Although the outer surface 65 of the housing 69 is generally cylindrical (i.e., does not include a bend), the bore 62 is machined such that the longitudinal axis 80 of bore 62 defines a bend angle X that is greater than about 0.25 degree relative to the longitudinal axis 66 of the power section 61 in one embodiment. In another embodiment, the bore 62 is machined to define a bend angle of at least 1 degree. In yet another embodiment, the bore 62 is machined to define a bend angle of about 1.5 degree. In another embodiment, the bore 62 is machined to define a bend angle of about 1.75 degree. As would be understood by persons of skill in the art, the bore 62 can be machined to any suitable angle that would provide a bend that is sufficient to achieve the chosen directional drilling objective for any borehole that is intended to deviate from the vertical direction without departing from the spirit of this disclosure. The bend angle X is measured between the longitudinal axis 66 and a bearing bore axis 80. Consequently, the drill bit 72 extends from the housing 69 at an angle of at least 0.25 degree relative to the longitudinal axis 66 of the power section 61. Where necessary, an additional bit offset may be provided in the assembly 50 in embodiments where the kick pad 74 is incorporated. In such embodiments, the bend length of the assembly 50 is measured from the drill bit to the kick-pad 74. In another embodiment, a near bit stabilizer may be disposed near the bit to provide an additional point of contact between the assembly 50 and the surface of the borehole. A scribe line 88 (FIG. 4) is provided as a visual aid to indicate the high side of assembly 50. In all of the above-described embodiments, the assembly 50 eliminates the need for connection between a bent housing and a bearing housing of a bottom hole assembly. Rather, the tilted output shaft 68 replaces the bent housing 30 that is typically separate from the bearing section 36 as discussed with respect to FIGS. 1 and 2. Consequently, the assembly 50 reduces the risk of damage to the additional couplings that are required for such connections.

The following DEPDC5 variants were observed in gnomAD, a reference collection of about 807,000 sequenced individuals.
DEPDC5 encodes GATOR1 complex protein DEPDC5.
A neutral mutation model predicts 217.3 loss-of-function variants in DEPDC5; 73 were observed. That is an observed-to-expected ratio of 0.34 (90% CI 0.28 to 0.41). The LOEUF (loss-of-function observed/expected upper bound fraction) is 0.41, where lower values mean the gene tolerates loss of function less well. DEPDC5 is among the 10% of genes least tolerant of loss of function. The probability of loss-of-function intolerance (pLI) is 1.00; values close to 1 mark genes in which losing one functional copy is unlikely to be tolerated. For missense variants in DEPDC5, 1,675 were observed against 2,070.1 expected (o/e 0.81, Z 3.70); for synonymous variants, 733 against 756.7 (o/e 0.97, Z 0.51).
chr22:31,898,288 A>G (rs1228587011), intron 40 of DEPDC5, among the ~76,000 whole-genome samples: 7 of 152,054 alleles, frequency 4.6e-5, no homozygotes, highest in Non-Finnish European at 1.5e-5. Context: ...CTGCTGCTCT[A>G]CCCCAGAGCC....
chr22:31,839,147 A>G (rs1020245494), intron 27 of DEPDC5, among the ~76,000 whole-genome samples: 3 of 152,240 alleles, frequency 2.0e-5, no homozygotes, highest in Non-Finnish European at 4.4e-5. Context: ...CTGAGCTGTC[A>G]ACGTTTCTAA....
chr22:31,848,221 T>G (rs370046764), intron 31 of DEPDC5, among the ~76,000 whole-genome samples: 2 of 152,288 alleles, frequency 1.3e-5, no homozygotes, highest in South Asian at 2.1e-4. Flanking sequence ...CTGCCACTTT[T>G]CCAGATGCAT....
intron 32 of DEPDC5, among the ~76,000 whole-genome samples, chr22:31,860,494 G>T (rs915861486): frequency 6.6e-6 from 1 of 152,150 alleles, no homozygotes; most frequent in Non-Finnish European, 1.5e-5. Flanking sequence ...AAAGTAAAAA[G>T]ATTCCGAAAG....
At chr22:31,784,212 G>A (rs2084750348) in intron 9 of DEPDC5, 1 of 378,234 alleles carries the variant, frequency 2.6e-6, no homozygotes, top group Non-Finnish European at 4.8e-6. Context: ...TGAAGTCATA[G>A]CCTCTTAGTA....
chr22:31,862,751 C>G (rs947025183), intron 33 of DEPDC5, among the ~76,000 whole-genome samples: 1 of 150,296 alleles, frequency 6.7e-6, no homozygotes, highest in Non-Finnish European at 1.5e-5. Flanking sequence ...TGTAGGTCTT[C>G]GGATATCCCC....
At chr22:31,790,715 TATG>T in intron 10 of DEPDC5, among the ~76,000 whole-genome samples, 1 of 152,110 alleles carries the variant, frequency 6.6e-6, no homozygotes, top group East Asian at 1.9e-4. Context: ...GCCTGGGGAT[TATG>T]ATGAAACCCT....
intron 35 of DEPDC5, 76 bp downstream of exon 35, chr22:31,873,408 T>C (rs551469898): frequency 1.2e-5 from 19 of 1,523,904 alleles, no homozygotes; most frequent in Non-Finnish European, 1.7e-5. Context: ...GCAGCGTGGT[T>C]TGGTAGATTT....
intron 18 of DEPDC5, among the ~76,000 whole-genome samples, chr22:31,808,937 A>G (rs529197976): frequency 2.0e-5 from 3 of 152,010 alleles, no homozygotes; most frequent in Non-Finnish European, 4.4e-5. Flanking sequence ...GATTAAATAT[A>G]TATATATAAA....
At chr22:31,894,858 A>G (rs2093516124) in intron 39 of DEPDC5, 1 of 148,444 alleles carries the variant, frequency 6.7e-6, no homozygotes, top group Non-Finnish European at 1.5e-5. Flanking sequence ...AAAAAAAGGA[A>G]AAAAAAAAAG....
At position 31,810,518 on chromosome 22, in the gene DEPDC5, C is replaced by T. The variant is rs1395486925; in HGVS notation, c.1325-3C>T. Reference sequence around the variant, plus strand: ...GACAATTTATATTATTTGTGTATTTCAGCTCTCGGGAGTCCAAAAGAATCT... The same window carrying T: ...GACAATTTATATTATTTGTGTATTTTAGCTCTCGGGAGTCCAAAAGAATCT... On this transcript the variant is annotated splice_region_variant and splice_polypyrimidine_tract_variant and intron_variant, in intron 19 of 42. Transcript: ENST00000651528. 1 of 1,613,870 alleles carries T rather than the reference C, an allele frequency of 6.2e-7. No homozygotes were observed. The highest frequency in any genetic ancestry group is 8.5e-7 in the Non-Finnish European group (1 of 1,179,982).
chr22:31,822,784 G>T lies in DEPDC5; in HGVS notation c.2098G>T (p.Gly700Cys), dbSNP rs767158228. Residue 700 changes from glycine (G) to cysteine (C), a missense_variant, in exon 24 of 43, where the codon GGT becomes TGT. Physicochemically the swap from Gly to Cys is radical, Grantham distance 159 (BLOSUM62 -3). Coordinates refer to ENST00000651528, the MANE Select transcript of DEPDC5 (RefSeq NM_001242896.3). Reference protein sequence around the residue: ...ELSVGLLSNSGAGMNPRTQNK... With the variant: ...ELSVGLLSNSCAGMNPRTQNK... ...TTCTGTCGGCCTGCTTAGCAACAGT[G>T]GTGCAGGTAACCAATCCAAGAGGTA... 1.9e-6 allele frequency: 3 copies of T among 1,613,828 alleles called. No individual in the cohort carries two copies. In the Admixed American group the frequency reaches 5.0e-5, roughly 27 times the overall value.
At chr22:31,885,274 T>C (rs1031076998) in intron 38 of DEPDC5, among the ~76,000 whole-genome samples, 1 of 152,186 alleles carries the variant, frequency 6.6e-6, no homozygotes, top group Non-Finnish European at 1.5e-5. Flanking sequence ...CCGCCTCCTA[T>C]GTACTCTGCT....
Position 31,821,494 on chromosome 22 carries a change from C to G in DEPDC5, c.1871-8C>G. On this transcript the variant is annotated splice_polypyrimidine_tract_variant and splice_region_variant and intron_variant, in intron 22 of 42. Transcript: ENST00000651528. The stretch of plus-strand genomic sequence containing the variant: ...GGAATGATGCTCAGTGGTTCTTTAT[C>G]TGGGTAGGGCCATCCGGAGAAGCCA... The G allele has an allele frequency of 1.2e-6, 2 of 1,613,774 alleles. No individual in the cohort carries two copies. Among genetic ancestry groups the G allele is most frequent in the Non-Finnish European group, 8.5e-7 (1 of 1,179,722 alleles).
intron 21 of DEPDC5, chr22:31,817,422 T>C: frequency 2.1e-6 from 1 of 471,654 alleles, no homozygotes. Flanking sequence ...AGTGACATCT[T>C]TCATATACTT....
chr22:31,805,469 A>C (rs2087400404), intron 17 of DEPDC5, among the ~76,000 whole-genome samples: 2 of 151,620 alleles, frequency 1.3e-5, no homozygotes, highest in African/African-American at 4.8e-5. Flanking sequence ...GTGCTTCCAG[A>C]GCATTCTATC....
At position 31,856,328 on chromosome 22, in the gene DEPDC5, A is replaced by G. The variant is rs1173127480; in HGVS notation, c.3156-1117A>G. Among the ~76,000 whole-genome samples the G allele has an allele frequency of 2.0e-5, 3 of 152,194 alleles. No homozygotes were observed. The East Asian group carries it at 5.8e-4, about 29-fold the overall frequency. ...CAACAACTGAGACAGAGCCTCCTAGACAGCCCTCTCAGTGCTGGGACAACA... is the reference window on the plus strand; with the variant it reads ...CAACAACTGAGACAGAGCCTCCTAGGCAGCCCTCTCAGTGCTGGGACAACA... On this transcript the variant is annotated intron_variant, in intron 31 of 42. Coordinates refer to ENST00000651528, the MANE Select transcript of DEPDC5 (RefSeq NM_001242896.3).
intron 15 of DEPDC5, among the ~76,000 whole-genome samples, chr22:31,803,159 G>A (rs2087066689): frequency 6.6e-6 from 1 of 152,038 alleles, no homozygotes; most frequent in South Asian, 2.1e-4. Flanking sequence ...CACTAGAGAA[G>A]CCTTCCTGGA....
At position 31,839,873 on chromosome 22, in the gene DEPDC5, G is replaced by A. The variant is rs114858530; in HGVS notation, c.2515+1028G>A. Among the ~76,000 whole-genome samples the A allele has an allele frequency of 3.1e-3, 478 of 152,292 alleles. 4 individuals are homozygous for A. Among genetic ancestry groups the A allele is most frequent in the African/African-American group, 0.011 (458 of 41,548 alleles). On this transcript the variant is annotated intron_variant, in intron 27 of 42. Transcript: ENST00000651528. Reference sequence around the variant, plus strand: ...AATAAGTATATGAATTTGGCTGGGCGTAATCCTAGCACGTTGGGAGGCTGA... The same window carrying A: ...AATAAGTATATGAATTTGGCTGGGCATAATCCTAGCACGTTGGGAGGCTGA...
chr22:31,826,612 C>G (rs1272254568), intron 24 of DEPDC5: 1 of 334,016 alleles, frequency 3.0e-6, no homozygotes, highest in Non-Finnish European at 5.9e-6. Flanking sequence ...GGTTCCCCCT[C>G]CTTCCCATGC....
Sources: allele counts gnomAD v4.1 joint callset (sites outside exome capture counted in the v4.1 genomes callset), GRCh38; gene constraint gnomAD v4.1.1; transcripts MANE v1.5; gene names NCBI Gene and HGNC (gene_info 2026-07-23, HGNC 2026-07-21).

Further, the assembly 50 eliminates the constraints associated with traditional drilling motors because the assembly 50 is operable at speeds greater than 60 rotary rpm with a relatively low risk of component failure because there are not nearly as many (threaded connections) couplings between various components. Furthermore, because the assembly 50 operates at a higher speed, the assembly 50 generates a higher rate of penetration and provides more efficient hole cleaning than traditional drilling motors. The shorter moment arm of assembly 50 aids directional control, enables the assembly 50 to clean wells better, and causes less stress to components of the assembly 50.